Deklord is right about the Morningstar. I probably over simplified what should be a simple weapon, by not including that a weapon that is used in an identical manner to another simple weapon should also be a simple weapon. A martial weapon should be a weapon that is fairly common that requires some training and practice. Like simple weapons they should include more exotic weapons that are used in an identical manner as another martial weapon. Exotic weapons should be weapons that require special training in order to fully utilize.
Temperans suggestion has some merit, but what I would do is make it a crossbow specific feat. Archery has some decent bow specific feats, but crossbows have relatively few. Sure it has some feats that get rid of some of the negative aspects of using a crossbow, but little in the way of giving them something unique. His suggestion sounds like a great feat for a crossbow specific feat.
Even a short bow requires a lot of training. Many of the same techniques are used with all bows. Both the long bow and short bow use similar if not identical stances, release and grips.
As to the feat tax a solution would be to eliminate point blank shot and replace it with bow proficiency. Have this be a special feat that gives you proficiency for all bows. Since point blank shot is pretty much a straight up feat tax simply eliminate it completely. Drop it as a prerequisite from all feats and feat chains.
Make crossbows marital weapons instead of simple. The crossbow is a pure military weapon anyways so should not be a simple weapon. Simple weapons should be something that is either so common that everyone has one, or something that anyone can make a reasonable replica of. Clubs and staves are basically branches of a tree, spears are a sharpened stick, and everybody has access to knives.
Eliminating point blank shot also improves the crossbow because many of the crossbow feats also have it as a prerequisite. By shortening the feat chains you make crossbows a more viable weapon. This would make the crossbow the default weapon for most militaries that can build them.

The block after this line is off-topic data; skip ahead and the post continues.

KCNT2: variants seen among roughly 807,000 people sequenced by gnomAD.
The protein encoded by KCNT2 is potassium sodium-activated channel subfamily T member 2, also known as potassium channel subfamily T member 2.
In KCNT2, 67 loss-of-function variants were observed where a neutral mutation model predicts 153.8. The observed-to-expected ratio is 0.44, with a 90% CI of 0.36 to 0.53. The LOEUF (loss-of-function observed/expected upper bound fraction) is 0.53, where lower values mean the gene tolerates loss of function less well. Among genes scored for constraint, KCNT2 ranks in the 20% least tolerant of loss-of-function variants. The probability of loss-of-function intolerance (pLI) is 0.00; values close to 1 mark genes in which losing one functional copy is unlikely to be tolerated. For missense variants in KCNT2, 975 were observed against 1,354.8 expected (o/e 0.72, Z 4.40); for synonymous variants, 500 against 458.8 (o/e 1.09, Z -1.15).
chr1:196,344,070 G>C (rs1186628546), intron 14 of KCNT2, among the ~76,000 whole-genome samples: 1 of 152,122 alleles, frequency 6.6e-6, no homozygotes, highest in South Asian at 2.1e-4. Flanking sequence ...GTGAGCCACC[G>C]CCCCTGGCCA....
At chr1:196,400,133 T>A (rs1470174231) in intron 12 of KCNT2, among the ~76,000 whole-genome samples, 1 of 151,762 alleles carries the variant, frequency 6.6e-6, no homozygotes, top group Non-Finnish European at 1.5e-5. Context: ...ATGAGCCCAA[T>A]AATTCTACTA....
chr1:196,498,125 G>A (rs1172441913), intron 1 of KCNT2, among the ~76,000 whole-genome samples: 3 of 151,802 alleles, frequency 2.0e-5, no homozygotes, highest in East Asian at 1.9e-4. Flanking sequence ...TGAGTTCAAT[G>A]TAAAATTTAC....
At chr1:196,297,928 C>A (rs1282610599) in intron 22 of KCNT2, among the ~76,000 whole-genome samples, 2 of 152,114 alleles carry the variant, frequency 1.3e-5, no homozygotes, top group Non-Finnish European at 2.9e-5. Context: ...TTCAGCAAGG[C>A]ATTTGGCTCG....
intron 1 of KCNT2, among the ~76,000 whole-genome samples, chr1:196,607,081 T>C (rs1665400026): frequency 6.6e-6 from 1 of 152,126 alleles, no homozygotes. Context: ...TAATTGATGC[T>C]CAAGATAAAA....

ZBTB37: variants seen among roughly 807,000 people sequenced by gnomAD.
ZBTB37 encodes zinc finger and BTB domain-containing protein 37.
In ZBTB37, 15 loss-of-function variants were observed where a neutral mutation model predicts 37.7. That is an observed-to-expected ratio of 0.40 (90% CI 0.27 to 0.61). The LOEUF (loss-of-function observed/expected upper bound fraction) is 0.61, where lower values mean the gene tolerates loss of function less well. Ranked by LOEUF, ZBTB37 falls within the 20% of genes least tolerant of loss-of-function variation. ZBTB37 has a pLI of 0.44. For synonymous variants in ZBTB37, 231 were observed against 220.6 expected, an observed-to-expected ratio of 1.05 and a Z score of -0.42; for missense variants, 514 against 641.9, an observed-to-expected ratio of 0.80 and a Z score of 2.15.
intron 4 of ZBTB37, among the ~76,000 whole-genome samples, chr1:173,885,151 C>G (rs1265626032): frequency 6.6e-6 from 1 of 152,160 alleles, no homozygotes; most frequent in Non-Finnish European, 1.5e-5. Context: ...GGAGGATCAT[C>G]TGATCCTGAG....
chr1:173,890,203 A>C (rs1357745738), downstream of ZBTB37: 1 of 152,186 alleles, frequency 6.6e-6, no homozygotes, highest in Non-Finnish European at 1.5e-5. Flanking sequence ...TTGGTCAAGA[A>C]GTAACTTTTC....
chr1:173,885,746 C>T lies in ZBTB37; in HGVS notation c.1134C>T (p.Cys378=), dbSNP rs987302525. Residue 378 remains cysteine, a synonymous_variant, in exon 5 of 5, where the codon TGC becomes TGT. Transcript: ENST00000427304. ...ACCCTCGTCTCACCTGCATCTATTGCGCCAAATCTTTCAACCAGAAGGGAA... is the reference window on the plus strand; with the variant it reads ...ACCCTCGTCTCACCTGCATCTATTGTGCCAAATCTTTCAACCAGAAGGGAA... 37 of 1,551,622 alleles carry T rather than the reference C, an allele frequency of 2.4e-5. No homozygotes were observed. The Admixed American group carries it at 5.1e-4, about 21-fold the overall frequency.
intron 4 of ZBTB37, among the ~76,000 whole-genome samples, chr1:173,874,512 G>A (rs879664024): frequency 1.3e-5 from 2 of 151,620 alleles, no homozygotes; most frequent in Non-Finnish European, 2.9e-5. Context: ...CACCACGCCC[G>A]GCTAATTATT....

Elves would still be proficient with bow. This would give elven archers a bit of an advantage, but in all honesty they are supposed to be some of the best archers.
In real life the biggest difference between a bow and a crossbow is the amount of training it took to learn how to use it properly. To effectively use a bow requires a lot of training. As the saying goes to train a archer you start with his grandfather. The crossbow on the other hand can be learned very quickly. Probably takes about a week to get someone up to speed with a crossbow.
The game tries to simulate this by making bows marital weapons and crossbows simple weapons. The problem is that means that almost any full marital character can use a bow. What they should have done is to make bows exotic weapons, and crossbows martial weapons. The way it is now just about anyone can use a crossbow and most characters can use bows.
In reality a fully trained archer is a lot more effective than a person using a crossbow. The difference is that the fully trained archer is an elite trop, where the crossbowman is a common trop. If I am building an army I can have a very small troop of archers, or I can equip a large portion of my troops with crossbows. When crossbows came out they changed the face of warfare not so much because they were better than the bow, but because now it was possible to have a large number of fairly competent ranged attacks.
The wording on Divine Source is somewhat ambiguous. It uses the term spell domain instead of just domain. To me that suggest that you can change out the domain spells, but the domain powers are not affected. It also uses the word may which makes it an optional ability not something you are required to do. This is further supported by the last line of the ability where it mentions adding their spells t the list of those you can cast.
It sounds like you want your mother as your familiar instead of it being a link to your mother. It makes more sense for the familiar to be less powerful than your mother. Take any familiar and the backstory is that it was sent by your mother. If you are starting high enough level take the feat improved familiar and get a fey themed familiar. The backstory is that when you take the feat it reveals its true form.
Fey are notorious for being tricksters so it is also possible that your familiar is actually something more powerful, but pretending to be something less powerful. In game terms your familiar grants you what it should, but in reality it is holding back its full power. This will allow you any backstory you want without giving you an unfair game advantage.